Soviets Weigh Joint Ventures With the West
The Soviet Union, departing from its longstanding policy, on Friday agreed with leading Western businessmen to study prospects for joint industrial ventures between Western and Soviet enterprises.
The International Chamber of Commerce, a Paris-based non-governmental business group, decided with Soviet officials to examine the legal and organizational framework under which joint projects could be set up.
Moscow has long avoided such ventures, questioning whether they could guarantee access to foreign markets and suspecting that Western governments might seek extraterritorial rights in the Soviet Union through the Western firms.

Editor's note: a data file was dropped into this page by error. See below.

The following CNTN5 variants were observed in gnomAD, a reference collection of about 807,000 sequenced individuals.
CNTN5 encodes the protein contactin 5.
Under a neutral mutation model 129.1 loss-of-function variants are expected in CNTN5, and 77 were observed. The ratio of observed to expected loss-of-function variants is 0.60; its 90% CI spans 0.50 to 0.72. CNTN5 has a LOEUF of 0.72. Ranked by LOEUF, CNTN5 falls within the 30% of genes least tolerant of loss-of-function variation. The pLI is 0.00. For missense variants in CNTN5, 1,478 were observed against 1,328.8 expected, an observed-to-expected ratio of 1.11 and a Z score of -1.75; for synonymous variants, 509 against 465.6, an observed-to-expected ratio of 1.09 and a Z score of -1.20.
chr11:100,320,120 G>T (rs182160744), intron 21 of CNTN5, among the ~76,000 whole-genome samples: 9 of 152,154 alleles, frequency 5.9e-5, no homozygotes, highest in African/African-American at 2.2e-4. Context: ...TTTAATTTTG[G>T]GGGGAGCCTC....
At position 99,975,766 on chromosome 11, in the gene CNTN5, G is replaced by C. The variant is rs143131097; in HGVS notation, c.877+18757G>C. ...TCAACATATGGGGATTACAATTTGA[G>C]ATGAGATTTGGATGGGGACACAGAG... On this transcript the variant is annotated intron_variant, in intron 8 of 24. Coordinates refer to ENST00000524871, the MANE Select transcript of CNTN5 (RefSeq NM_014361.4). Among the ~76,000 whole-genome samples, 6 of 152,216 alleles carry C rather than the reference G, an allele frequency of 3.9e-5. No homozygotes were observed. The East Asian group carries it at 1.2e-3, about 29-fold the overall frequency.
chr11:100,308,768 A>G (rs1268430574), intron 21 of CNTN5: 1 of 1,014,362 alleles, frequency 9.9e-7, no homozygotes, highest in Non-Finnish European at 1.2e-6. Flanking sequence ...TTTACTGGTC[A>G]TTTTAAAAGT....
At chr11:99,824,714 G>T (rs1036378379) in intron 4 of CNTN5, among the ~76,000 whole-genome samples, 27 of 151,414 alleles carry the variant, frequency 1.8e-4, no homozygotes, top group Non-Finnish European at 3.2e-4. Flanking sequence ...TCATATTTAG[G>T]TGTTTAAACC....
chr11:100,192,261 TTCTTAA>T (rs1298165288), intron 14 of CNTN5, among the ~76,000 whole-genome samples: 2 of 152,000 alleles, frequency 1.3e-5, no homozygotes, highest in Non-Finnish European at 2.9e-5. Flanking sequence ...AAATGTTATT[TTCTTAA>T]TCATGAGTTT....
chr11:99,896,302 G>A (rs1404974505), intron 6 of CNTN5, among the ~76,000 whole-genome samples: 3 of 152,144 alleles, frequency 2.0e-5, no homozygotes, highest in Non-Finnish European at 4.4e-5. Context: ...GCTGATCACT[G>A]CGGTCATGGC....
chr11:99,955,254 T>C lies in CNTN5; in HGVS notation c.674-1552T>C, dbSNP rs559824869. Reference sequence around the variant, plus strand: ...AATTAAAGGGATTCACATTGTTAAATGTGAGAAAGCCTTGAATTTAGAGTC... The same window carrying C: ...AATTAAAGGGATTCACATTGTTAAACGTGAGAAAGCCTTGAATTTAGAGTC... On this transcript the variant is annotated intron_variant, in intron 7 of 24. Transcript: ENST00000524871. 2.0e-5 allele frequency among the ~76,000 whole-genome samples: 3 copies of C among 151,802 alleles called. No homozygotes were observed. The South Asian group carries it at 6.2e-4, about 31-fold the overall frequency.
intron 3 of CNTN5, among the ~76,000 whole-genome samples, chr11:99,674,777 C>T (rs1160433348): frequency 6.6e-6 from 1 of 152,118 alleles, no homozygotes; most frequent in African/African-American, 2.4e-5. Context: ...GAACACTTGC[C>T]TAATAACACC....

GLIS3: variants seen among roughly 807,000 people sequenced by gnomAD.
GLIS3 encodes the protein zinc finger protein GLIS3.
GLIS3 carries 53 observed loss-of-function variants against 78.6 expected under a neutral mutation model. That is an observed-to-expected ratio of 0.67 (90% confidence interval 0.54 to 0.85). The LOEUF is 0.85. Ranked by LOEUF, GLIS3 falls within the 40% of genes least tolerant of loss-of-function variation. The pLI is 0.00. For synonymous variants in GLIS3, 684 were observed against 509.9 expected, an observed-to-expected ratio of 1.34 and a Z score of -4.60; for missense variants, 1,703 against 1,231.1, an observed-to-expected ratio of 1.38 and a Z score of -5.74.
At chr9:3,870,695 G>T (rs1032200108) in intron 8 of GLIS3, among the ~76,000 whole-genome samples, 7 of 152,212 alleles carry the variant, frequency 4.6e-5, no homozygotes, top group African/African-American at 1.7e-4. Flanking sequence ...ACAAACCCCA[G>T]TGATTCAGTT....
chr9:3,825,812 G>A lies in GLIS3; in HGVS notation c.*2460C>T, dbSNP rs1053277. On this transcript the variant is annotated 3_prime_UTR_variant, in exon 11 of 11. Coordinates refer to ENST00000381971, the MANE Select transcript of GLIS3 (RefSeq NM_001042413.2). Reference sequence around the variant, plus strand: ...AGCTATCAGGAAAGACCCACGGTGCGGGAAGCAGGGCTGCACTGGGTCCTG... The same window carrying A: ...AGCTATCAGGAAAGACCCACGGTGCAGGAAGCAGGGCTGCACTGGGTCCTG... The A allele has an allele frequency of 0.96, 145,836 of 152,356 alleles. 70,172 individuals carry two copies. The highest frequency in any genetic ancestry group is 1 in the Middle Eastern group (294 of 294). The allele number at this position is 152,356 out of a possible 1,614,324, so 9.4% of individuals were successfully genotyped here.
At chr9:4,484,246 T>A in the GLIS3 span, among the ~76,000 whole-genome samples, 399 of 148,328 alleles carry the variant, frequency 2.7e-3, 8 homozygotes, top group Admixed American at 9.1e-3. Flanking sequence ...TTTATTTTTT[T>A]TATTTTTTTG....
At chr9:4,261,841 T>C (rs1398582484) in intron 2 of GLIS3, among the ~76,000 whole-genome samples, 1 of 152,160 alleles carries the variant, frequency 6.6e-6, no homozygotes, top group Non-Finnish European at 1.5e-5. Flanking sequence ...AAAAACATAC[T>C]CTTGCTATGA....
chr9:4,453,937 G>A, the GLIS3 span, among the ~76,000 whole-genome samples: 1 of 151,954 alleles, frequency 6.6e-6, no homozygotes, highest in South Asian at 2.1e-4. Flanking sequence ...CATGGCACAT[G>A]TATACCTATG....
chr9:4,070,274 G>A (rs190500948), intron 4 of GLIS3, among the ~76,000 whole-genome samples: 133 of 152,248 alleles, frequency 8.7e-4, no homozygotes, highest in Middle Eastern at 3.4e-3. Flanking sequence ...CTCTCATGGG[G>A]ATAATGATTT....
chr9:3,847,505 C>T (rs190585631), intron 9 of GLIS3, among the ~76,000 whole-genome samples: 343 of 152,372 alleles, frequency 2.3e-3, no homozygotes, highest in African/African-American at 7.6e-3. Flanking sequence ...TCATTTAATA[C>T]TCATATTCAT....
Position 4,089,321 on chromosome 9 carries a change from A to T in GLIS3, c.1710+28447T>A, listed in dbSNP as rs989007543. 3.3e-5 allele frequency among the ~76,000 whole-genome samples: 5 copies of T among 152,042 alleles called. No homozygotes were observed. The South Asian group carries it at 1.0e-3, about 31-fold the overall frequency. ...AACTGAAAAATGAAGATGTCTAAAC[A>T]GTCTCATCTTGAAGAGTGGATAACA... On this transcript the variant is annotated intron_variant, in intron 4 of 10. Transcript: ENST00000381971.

Areas of Interest
But a steep fall in Soviet foreign exchange earnings this year, caused mainly by the collapse in oil prices, has made it more expensive to buy equipment directly from the West and has accordingly raised Soviet interest in joint ventures.
International Chamber sources said the Soviet Union was particularly keen to look at areas such as machine tools, electronics, electrical engineering, textiles, agriculture and and energy.
The agreement was reached after a two-day seminar staged by the International Chamber and the Soviet Chamber of Commerce and Industry in Moscow.
Yevgeny Pitovranov, head of the Soviet chamber, told a news conference that Soviet foreign trade officials needed to study the legal aspects of joint ventures and would take into account the experiences of Hungary in the field.
International Chamber sources said a senior Soviet official raised points at the seminar such as how Western businessmen would work under Soviet labor law and who would arbitrate in a dispute between the two partners of a joint project.